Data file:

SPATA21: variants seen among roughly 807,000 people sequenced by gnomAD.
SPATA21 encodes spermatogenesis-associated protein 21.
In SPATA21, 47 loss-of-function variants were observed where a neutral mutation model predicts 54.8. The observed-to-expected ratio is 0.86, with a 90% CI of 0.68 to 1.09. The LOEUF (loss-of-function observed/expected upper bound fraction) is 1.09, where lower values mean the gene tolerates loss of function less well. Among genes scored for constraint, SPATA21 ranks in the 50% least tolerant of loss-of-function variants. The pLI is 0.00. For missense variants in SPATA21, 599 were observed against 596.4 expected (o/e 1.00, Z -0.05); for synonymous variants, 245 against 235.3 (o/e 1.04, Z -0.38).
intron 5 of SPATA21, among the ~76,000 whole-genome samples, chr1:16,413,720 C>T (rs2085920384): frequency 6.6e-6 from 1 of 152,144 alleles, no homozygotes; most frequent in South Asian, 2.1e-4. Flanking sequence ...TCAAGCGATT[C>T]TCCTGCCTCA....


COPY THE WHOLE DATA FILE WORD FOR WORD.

SPATA21: variants seen among roughly 807,000 people sequenced by gnomAD.
SPATA21 encodes spermatogenesis-associated protein 21.
In SPATA21, 47 loss-of-function variants were observed where a neutral mutation model predicts 54.8. The observed-to-expected ratio is 0.86, with a 90% CI of 0.68 to 1.09. The LOEUF (loss-of-function observed/expected upper bound fraction) is 1.09, where lower values mean the gene tolerates loss of function less well. Among genes scored for constraint, SPATA21 ranks in the 50% least tolerant of loss-of-function variants. The pLI is 0.00. For missense variants in SPATA21, 599 were observed against 596.4 expected (o/e 1.00, Z -0.05); for synonymous variants, 245 against 235.3 (o/e 1.04, Z -0.38).
intron 5 of SPATA21, among the ~76,000 whole-genome samples, chr1:16,413,720 C>T (rs2085920384): frequency 6.6e-6 from 1 of 152,144 alleles, no homozygotes; most frequent in South Asian, 2.1e-4. Flanking sequence ...TCAAGCGATT[C>T]TCCTGCCTCA....